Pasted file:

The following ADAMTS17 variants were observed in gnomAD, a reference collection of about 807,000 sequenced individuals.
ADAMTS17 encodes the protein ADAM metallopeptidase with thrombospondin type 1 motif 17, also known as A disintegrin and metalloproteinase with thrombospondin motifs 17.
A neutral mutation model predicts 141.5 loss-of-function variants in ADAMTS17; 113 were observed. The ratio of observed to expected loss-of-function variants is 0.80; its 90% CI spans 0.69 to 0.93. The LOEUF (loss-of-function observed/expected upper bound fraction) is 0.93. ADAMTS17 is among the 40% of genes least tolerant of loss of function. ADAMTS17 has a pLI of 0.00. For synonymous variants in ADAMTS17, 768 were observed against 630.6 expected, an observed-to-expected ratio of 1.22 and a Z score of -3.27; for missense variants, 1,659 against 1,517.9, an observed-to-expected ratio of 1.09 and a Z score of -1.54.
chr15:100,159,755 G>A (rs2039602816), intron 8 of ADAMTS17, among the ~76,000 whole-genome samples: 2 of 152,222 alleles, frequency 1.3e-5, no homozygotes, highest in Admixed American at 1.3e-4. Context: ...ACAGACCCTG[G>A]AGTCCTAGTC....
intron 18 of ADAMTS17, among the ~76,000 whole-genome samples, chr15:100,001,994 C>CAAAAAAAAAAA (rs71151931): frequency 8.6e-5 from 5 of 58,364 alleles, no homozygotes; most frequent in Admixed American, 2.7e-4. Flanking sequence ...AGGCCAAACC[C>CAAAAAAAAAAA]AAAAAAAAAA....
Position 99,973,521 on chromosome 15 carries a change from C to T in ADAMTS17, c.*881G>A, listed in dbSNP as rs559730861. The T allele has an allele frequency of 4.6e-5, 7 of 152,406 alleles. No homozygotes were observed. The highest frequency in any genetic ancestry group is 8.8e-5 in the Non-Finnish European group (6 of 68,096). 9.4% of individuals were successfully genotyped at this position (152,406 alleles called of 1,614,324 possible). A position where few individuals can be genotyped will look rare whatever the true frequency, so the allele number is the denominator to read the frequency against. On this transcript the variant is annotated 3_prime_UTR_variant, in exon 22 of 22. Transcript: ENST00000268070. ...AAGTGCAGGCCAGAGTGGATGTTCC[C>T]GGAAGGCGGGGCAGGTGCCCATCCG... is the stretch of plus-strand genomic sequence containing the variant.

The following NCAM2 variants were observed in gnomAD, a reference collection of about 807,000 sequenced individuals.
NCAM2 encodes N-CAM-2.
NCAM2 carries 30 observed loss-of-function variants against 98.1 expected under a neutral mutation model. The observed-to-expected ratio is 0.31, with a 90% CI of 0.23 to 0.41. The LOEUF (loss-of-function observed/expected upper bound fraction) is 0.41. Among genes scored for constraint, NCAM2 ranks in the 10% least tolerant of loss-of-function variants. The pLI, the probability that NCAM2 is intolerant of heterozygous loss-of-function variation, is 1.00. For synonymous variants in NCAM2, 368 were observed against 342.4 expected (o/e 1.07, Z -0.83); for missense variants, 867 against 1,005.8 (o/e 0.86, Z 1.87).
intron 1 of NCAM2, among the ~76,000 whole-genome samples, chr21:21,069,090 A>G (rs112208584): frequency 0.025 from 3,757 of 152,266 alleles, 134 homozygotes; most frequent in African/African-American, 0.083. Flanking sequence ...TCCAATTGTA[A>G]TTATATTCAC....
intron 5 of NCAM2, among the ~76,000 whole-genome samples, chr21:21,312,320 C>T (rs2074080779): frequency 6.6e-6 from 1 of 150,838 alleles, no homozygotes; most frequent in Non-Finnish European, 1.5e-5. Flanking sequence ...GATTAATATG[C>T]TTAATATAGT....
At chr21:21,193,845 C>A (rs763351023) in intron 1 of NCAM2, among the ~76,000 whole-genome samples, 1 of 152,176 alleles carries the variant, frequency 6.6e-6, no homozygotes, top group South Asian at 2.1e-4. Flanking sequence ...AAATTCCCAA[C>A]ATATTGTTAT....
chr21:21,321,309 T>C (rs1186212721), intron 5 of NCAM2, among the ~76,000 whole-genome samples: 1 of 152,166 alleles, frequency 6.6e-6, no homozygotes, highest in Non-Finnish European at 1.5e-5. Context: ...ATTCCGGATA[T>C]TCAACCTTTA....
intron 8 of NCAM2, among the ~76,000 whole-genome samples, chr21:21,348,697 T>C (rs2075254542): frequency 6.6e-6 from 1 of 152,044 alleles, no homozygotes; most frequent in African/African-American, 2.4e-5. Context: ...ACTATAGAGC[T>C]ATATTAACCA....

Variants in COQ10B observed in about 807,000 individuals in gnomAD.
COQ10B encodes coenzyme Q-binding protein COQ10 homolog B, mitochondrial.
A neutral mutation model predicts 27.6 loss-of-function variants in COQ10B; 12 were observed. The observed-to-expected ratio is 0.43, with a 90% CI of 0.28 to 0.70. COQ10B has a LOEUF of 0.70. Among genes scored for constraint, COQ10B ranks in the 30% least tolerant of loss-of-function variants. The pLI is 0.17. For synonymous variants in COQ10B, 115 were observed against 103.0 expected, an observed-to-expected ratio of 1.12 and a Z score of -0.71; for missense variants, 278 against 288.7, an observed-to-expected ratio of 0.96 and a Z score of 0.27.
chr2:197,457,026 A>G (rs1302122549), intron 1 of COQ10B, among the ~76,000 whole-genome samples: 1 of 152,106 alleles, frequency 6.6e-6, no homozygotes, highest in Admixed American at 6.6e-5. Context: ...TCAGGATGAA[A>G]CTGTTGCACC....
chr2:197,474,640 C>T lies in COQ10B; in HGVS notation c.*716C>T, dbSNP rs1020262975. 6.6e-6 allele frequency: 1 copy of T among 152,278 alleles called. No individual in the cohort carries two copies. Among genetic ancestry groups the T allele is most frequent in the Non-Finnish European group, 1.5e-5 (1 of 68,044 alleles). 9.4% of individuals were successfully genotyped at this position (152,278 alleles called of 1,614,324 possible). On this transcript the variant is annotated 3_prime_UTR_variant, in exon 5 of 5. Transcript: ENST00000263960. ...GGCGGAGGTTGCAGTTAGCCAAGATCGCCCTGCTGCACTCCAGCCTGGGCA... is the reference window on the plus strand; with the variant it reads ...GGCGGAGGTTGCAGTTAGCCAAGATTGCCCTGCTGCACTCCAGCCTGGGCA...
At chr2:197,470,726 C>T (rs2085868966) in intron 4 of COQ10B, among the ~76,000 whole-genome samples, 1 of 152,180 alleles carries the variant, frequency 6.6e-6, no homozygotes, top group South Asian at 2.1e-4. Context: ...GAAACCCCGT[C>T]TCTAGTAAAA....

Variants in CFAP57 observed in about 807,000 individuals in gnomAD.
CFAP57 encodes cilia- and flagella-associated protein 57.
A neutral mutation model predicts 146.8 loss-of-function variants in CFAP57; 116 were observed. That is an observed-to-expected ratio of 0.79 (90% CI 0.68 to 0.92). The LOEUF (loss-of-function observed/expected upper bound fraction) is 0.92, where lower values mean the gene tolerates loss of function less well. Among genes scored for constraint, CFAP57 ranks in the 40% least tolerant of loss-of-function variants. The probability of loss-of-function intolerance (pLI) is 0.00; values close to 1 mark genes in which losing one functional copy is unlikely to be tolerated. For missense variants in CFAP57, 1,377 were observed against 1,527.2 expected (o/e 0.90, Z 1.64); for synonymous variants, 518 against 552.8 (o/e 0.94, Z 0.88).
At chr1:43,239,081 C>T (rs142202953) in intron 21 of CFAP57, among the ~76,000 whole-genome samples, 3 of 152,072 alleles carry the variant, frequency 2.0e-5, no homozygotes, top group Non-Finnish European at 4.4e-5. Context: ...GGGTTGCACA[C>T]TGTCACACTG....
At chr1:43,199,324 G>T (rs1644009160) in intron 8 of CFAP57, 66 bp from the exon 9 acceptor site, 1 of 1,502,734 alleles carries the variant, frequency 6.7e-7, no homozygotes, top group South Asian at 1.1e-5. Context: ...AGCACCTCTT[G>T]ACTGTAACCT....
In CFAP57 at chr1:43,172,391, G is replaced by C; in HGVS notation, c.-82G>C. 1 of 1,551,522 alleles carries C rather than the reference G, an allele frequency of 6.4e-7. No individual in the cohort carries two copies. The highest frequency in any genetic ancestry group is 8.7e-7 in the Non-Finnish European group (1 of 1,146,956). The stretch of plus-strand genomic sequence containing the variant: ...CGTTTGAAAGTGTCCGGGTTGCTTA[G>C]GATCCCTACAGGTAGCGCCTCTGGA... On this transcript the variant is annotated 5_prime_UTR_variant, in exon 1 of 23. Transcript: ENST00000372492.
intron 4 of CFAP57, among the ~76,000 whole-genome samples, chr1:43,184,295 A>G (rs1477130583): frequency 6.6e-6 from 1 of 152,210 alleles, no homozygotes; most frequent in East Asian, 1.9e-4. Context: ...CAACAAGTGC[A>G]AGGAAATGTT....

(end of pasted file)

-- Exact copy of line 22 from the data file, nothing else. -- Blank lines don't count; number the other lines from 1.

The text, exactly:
CFAP57 encodes cilia- and flagella-associated protein 57.